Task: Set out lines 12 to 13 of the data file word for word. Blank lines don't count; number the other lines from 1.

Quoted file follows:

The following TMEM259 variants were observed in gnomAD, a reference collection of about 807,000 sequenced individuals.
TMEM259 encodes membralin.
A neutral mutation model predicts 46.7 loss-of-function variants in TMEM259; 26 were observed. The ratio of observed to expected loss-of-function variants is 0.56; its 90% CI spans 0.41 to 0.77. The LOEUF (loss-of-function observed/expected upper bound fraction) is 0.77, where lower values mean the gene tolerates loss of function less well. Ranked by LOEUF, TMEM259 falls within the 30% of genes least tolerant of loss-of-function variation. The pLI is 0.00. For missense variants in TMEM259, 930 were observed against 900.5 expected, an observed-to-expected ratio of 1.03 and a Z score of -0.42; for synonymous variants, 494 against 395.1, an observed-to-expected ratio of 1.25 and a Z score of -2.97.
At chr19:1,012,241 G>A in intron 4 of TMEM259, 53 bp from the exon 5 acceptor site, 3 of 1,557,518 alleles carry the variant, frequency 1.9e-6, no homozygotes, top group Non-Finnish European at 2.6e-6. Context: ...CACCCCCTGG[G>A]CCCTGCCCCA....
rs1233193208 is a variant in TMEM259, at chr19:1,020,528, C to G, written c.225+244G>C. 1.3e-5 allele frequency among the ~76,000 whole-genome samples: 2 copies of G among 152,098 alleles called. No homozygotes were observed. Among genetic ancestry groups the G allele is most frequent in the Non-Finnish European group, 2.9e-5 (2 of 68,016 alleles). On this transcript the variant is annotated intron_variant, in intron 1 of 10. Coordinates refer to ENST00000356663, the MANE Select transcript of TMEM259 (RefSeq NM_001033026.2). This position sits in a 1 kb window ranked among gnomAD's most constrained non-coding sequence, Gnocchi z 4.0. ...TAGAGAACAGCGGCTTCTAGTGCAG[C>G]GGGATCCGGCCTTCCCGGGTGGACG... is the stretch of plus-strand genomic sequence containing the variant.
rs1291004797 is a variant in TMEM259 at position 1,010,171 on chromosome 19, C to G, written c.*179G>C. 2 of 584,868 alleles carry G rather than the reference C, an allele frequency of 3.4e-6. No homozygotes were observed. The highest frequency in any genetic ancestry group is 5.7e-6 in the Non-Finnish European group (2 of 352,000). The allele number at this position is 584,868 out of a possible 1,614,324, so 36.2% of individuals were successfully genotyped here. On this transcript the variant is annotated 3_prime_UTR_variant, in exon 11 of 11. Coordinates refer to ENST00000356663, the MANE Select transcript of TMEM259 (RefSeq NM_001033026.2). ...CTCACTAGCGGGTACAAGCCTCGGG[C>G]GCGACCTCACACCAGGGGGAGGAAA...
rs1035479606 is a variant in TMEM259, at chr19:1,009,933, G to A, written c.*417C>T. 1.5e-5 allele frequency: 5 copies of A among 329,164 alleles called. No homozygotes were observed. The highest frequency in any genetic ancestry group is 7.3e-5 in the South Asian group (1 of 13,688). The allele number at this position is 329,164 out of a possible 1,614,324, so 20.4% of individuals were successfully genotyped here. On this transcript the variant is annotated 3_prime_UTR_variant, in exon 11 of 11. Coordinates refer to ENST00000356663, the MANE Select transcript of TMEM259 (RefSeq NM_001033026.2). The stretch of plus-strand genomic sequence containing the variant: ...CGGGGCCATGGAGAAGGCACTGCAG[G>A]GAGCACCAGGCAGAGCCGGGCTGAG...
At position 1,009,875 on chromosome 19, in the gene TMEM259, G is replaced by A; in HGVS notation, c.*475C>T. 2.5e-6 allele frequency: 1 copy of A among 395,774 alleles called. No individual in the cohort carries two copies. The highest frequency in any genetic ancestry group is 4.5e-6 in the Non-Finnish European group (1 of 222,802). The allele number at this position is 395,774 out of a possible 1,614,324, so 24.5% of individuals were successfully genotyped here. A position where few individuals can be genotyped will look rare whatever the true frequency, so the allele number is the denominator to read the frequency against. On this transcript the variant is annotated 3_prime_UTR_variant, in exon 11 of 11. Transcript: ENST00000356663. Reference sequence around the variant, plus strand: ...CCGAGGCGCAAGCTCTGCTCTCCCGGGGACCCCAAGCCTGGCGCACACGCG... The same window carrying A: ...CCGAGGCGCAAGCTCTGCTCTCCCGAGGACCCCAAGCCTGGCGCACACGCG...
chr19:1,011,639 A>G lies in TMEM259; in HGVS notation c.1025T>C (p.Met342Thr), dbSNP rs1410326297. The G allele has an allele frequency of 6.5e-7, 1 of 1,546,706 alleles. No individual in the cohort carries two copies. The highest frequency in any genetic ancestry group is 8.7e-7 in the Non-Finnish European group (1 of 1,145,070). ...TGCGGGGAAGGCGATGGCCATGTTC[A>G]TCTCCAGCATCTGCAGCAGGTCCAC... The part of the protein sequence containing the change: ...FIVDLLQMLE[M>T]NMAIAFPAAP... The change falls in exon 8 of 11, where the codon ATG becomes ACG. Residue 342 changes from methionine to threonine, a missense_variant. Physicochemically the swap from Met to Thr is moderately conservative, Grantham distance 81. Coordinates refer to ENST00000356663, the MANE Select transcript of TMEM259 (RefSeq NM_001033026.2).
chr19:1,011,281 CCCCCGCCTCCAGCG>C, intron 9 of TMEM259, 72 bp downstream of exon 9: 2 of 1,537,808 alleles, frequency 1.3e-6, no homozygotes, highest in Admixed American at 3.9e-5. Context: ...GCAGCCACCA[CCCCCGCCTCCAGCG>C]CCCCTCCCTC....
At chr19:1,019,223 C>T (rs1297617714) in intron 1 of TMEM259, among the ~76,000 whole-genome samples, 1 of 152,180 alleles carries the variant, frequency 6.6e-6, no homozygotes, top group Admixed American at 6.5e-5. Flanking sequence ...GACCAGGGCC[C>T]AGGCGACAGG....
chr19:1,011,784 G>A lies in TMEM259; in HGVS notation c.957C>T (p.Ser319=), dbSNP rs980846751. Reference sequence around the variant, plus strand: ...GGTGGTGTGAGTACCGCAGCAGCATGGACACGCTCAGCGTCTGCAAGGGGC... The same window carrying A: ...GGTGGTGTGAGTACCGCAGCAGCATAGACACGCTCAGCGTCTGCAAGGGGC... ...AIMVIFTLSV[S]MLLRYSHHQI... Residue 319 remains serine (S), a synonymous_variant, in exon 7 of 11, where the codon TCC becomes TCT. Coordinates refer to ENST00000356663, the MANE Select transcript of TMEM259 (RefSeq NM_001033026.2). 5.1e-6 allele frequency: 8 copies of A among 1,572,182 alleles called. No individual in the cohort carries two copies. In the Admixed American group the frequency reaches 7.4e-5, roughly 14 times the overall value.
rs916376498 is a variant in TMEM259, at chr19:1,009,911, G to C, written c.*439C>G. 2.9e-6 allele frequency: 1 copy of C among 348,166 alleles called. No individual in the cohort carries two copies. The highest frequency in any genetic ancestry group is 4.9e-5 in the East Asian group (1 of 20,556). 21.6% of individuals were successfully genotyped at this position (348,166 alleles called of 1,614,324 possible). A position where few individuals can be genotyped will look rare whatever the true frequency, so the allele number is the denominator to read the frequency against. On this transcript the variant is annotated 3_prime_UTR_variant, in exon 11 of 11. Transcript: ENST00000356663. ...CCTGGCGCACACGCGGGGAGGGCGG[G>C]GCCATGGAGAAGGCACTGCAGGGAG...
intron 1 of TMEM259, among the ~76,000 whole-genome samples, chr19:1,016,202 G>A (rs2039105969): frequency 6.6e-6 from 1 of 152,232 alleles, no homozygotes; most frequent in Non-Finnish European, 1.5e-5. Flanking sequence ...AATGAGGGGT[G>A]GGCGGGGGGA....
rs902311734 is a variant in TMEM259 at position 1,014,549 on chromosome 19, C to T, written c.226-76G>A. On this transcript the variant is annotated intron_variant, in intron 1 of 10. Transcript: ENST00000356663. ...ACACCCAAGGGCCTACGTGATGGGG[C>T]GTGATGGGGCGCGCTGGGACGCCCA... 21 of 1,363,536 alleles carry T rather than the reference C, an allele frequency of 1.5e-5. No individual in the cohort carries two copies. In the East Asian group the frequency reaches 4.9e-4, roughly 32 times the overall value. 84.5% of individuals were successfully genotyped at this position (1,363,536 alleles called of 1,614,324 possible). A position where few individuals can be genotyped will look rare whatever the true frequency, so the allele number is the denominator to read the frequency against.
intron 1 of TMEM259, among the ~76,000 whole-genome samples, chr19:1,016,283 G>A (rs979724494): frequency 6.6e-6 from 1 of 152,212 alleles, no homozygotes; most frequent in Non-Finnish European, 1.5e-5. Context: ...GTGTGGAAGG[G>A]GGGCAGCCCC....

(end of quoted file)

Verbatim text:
chr19:1,011,784 G>A lies in TMEM259; in HGVS notation c.957C>T (p.Ser319=), dbSNP rs980846751. Reference sequence around the variant, plus strand: ...GGTGGTGTGAGTACCGCAGCAGCATGGACACGCTCAGCGTCTGCAAGGGGC... The same window carrying A: ...GGTGGTGTGAGTACCGCAGCAGCATAGACACGCTCAGCGTCTGCAAGGGGC... ...AIMVIFTLSV[S]MLLRYSHHQI... Residue 319 remains serine (S), a synonymous_variant, in exon 7 of 11, where the codon TCC becomes TCT. Coordinates refer to ENST00000356663, the MANE Select transcript of TMEM259 (RefSeq NM_001033026.2). 5.1e-6 allele frequency: 8 copies of A among 1,572,182 alleles called. No individual in the cohort carries two copies. In the Admixed American group the frequency reaches 7.4e-5, roughly 14 times the overall value.
rs916376498 is a variant in TMEM259, at chr19:1,009,911, G to C, written c.*439C>G. 2.9e-6 allele frequency: 1 copy of C among 348,166 alleles called. No individual in the cohort carries two copies. The highest frequency in any genetic ancestry group is 4.9e-5 in the East Asian group (1 of 20,556). 21.6% of individuals were successfully genotyped at this position (348,166 alleles called of 1,614,324 possible). A position where few individuals can be genotyped will look rare whatever the true frequency, so the allele number is the denominator to read the frequency against. On this transcript the variant is annotated 3_prime_UTR_variant, in exon 11 of 11. Transcript: ENST00000356663. ...CCTGGCGCACACGCGGGGAGGGCGG[G>C]GCCATGGAGAAGGCACTGCAGGGAG...